A different approach might be called the Argument from Biology. Just as the world must exist and be a certain way for us to exist, so must we see the world in certain ways in order for us to exist. For example, we must view the world in terms of objects in space (and time). Our categories of thought are derived from our cognition, which is grounded in our biological (survival) needs. The concept of nothing(ness) abstracts our actual experience with things and their absence (for example, an empty container). But the container itself is a sort of thing. The idea of ‘object’ for us implies the idea of ‘space’, and vice-versa, so that we cannot really imagine empty space—or truly nothing. At least for our mentality as a biological organism, there cannot be nothing without something. The fact that language can posit the world not existing is paradoxical, since the thought is based on experience of something. Therefore, the world exits because we cannot conceive it not existing!

A similar argument might be called the Argument by Contradiction: perhaps one can imagine a universe without physically embodied minds, and perhaps even a universe that is entirely empty physically (the empty container, which nevertheless leaves the container existing). But, in any case, these are the imaginings of a physically embodied mind, living in the one universe that we know does exist (not empty). We exist, therefore the world does!

Perhaps, similarly, one can imagine a phenomenal blankness (an empty mind), devoid of sensations, thoughts and feelings, and even any conceivable experience. But there is still a point of view from which “someone” is doing the imagining, which is itself a phenomenal experience, so not empty after all. (Nor can it be empty of matter, since we are material beings here imagining it and thinking about it.) With a nod to Descartes: I think, therefore the universe is!

It is not only philosophers and theologians, with their sophistry, who have weighed in on our question. Modern physics and cosmology have posed the question in a scientific form—that is, potentially in way that is empirically testable, if only indirectly. We could call this the Argument from Modern Physics. It proposes that the physical universe arose, for example, from a “quantum fluctuation” in the “vacuum.” (This process traditionally involves a Big Bang.) Given enough time, some random fluctuation was bound to produce a state that would eventually lead to a universe, if not necessarily the one we know. And here we are in the one we know—so at least it exists. (There might be others “somewhere else”?) The argument could be stated thus: there is something because the state of nothing was unstable.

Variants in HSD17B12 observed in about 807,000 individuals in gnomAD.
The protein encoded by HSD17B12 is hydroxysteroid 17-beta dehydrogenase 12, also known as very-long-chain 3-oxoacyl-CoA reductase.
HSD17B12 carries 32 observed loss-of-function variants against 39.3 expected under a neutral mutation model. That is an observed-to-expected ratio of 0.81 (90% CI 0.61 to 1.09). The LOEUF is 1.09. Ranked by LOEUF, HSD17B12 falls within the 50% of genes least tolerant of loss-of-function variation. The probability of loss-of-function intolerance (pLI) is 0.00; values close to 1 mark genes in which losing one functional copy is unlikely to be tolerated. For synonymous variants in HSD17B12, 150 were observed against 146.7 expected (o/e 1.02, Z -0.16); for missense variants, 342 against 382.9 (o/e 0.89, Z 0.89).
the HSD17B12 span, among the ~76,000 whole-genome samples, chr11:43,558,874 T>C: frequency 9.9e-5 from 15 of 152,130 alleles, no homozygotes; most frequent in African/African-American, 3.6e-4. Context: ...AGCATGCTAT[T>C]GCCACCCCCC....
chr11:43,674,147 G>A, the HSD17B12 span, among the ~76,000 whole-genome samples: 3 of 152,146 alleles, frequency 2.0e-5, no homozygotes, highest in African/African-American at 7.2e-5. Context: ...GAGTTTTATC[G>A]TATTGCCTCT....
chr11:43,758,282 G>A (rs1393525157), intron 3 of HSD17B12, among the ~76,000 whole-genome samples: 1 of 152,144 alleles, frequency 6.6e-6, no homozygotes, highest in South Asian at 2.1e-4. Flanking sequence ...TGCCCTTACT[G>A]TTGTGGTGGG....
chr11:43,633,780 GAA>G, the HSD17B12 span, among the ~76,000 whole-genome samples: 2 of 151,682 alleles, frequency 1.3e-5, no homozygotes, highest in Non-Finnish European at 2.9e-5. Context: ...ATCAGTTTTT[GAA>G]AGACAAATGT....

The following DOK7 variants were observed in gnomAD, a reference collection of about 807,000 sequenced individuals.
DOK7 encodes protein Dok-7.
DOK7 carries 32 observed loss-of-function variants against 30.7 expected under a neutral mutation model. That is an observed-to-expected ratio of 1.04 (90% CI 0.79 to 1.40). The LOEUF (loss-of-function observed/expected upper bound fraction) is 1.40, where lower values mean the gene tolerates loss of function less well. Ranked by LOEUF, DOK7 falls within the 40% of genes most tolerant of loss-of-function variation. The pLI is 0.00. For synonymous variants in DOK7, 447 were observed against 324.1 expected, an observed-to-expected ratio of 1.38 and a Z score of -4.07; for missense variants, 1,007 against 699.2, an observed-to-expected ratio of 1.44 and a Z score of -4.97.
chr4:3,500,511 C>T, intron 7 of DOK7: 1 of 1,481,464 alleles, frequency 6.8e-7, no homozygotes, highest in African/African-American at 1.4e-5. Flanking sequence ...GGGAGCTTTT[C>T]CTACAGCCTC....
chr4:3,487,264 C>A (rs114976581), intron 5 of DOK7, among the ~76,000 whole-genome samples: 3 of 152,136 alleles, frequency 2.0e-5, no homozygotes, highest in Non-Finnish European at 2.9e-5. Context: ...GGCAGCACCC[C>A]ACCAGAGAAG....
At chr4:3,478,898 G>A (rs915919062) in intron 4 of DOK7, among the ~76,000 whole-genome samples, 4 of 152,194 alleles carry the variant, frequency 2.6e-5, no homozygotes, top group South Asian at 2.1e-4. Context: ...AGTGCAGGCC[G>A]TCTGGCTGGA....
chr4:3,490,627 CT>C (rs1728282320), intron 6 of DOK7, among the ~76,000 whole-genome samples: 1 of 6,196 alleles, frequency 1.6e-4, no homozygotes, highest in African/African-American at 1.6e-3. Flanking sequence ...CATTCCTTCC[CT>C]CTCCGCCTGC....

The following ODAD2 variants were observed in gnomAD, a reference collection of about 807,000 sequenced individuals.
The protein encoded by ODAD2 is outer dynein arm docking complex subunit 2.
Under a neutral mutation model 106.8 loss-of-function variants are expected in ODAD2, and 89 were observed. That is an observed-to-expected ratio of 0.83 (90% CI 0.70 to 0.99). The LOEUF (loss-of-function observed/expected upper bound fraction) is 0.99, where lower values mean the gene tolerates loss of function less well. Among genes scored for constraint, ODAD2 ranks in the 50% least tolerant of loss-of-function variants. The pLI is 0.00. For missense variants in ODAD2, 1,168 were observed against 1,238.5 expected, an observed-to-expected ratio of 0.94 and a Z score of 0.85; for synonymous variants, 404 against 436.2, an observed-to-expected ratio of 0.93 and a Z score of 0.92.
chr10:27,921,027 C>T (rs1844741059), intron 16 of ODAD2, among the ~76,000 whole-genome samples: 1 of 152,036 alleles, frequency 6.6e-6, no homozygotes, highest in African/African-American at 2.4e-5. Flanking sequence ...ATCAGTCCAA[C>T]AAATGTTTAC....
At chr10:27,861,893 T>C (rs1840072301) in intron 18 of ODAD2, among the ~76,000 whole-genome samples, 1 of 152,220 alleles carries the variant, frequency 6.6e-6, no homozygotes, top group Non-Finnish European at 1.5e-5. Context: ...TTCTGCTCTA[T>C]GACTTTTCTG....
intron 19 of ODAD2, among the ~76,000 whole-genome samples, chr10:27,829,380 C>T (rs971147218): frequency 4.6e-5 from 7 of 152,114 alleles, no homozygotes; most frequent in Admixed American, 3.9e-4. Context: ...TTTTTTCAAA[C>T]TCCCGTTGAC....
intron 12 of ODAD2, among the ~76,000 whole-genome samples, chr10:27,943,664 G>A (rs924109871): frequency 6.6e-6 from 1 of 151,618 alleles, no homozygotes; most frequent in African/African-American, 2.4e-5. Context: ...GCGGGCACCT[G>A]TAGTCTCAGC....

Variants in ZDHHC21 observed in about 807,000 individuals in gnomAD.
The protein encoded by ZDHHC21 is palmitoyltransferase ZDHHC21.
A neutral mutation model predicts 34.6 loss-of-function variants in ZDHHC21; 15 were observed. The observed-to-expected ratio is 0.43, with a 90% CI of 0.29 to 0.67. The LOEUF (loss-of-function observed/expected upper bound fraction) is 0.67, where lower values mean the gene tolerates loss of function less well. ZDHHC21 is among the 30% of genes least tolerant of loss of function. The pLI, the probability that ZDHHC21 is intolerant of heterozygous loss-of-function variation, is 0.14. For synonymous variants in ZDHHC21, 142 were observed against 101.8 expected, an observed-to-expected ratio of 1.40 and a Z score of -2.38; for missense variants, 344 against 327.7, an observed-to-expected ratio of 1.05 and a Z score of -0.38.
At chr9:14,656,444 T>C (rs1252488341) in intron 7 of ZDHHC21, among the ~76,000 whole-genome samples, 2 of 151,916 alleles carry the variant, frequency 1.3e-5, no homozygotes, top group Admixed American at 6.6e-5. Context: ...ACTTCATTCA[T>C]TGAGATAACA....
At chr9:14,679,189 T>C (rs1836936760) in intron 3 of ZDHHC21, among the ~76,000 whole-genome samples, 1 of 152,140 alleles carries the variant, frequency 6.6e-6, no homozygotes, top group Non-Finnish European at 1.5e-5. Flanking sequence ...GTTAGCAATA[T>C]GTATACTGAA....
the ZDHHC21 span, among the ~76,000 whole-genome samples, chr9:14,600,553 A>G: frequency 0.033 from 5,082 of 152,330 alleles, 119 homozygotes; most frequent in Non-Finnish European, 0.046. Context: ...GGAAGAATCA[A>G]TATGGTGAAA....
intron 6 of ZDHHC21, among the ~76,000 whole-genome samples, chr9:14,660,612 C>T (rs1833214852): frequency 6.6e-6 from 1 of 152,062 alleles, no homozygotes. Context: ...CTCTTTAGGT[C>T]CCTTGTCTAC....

Of course, there are a few conceptual glitches with such schemes. What is the unstable something from which the universe emerged? What exactly is the “vacuum” if not literally and absolutely nothing? Where did it come from? What could be the meaning of time before there existed cyclical processes (before the universe “cooled” enough to allow electrons, for example, to adhere to protons?) How much of such “time” is required to produce a universe?

One might also wonder what causes quantum fluctuations. The current idea seems to be that they are random and uncaused. But randomness and causality are notions derived from common experience in the world we know. The very idea of ‘random fluctuation’ raises questions about our categories of thought. Does “random” mean there is no cause, or no known cause? If the former, can we even imagine that? Moreover, probability usually refers to a sequence of trial runs, as in the random results of repeated coin flips. Could there have been multiple big bangs, only some of which produced what we know as a universe—and only one which produced this universe? What, then, is the probability of existing at all? Such questions boggle the mind, but have been seriously asked. Physicist Lee Smolin, for example, has proposed a theory in which new universes emerge from black holes that produce a new big bang. Each of these events could result in a re-setting of basic parameters, producing a different sort of world. But, what then accounts for the pre-existence of such “parameters,” other than the imagination of the theorist?

The logic in such arguments may be no more impeccable than arguments for the existence of God. But, then, logic itself may have no absolute sway outside the one-and-only real world from which it was gleaned. Does logic represent some transcendent Platonic realm outside nature or does it simply generalize and abstract properties and relationships derived from experience in the world we know? If the former, what accounts for the existence of that transcendent realm? If the latter, how can we, without circularity, apply ideas that are parochial products of our existence in the world we know, to understand how that world could arise? We can only imagine the possible in terms of the actual. The world exists, therefore the world exists!